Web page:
Unhealthy living



Commons health committee study offers MPs a grim menu

By Alex Binkley
True North Perspective

The Commons health committee chose the title Healthy Living for its study of the state of well-being of average Canadians.

It might have been better titled Unhealthy Living.

A growing list of medical, nutrition and active living groups have painted an unappetizing portrait of a nation of unhealthy overweight citizens at risk of debilitating chronic diseases. Heart disease and diabetes come from a diet full of sweetened soft drinks and food containing too much sodium and transfats and a lack of sufficient physical activity.

At the same time, there’re too many kids going to school hungry affecting both their long term well-being and their ability to learn, the MPs have heard.

Dr. Anne Doig, past president of the Canadian Medical Association, said doctors want to make Canadians aware of the health consequences of poor nutrition and lack of physical activity and the challenge of obesity. “We know that obesity is a contributor to a number of chronic diseases, such as diabetes, cardiovascular disease, hypertension and liver disease, as well as breast, colon, and prostate cancer.

“We know that over-consumption of salt, sugars, and saturated and transfats can be a factor in hypertension, cardiovascular disease and stroke, and kidney disease. And we know that Canadians have become dramatically less physically fit in recent decades,” she pointed out.

For starters, the CMA wants schools “to provide at least 30 minutes of active daily physical education for all primary and secondary grades, given by trained educators in the field; to provide access to attractive, affordable, healthy food choices, and clearly post the nutrition content of the foods they sell; and to ban junk food sales in all primary, intermediate, and secondary schools in Canada.”

Governments also need to pay attention to diets, she said. “The proliferation of packaged prepared foods and fast foods has contributed to excess amounts of salt, sugar, saturated and trans fat, and calories in our diet. While we welcome the federal government's support for the reduction of transfats and sodium levels in processed foods, reliance on the food industry to reduce these ingredients voluntarily has not been successful. We believe that regulation is needed to safeguard the health of Canadians.”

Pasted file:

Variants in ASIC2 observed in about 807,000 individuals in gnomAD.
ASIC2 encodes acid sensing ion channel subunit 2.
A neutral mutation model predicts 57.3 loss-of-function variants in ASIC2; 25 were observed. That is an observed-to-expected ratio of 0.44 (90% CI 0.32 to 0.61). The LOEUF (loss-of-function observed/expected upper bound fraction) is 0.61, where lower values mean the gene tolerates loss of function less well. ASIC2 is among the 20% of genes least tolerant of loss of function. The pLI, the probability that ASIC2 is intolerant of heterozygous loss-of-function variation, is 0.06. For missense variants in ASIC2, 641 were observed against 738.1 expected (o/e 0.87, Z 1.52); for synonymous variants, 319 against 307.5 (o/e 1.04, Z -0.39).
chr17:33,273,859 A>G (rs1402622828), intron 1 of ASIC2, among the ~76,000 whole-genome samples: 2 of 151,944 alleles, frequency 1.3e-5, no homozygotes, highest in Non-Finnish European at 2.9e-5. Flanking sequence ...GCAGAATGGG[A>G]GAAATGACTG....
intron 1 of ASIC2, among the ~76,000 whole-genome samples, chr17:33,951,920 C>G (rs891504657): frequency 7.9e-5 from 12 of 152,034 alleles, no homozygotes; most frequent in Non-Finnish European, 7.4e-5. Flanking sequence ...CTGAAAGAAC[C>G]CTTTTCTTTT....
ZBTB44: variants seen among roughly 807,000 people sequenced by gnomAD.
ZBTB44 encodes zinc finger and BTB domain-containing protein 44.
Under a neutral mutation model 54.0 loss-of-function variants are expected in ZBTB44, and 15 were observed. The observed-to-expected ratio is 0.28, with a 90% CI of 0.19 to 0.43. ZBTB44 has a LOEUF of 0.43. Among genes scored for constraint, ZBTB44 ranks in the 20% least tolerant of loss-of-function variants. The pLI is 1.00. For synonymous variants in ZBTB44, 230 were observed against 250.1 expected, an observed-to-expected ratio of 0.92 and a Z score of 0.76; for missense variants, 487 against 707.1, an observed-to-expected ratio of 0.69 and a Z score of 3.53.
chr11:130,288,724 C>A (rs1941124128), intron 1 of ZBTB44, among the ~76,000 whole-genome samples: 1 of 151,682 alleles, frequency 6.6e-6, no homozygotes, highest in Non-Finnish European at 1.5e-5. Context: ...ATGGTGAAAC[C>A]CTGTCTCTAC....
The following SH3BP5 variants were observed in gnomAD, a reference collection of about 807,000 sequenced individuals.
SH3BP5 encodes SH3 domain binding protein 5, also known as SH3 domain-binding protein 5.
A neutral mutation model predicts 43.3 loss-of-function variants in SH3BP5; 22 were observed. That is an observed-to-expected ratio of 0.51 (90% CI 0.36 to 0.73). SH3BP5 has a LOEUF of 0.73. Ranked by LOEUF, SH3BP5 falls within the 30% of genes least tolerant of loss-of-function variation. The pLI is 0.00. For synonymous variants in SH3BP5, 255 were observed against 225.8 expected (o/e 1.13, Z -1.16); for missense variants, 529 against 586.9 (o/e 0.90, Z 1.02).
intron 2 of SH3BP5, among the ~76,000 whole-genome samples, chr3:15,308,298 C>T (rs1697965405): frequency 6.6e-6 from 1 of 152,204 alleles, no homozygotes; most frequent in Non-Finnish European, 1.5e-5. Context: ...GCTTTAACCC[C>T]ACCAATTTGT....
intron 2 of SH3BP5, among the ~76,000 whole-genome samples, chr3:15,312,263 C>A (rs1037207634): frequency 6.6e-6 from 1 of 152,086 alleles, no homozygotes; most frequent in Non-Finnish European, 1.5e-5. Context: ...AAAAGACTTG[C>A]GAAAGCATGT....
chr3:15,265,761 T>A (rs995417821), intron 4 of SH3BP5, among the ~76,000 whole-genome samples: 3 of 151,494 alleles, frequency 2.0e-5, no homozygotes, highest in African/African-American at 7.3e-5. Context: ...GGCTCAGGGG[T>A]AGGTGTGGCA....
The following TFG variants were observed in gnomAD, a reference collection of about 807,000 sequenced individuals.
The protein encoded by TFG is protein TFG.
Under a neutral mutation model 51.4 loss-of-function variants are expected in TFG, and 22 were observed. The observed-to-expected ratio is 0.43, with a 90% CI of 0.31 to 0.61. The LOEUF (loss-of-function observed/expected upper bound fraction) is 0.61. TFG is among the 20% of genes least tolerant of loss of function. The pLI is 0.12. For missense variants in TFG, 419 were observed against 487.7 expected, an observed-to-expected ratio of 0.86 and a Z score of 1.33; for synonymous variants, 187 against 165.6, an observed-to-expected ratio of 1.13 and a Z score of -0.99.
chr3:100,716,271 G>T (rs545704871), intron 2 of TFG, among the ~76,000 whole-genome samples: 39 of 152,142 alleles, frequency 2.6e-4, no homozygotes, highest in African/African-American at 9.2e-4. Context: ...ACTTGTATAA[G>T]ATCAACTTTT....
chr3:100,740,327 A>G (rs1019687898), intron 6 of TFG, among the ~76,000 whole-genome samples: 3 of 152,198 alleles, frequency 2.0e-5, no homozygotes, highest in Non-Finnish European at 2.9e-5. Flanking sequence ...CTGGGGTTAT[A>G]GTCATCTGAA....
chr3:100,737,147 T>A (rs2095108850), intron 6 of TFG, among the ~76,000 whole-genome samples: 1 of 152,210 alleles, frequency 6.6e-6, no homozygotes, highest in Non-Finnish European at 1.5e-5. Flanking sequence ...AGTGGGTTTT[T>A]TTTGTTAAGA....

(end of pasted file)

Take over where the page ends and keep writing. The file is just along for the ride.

Barb Mildon, president-elect of the Canadian Nurses Association, said “Inactive Canadians are at greater risk of heart disease, obesity, high blood pressure, osteoporosis, diabetes, cancer and depression. Among Canadians aged 45 and older, 70% report one or more chronic conditions directly related to physical inactivity.”

Governments should put more resources into preventive healthcare services and programs, particularly those addressing physical activity, and nutrition education and counseling, she recommended.

“Given the huge scope of the issue, however, the public health sector needs more financial resources and more people to get the job done. Stable, long-term funding is needed to ensure proper integration of services and foster greater inter-professional collaboration. Successful programs need to be scaled up and extended deeper into the communities that need them.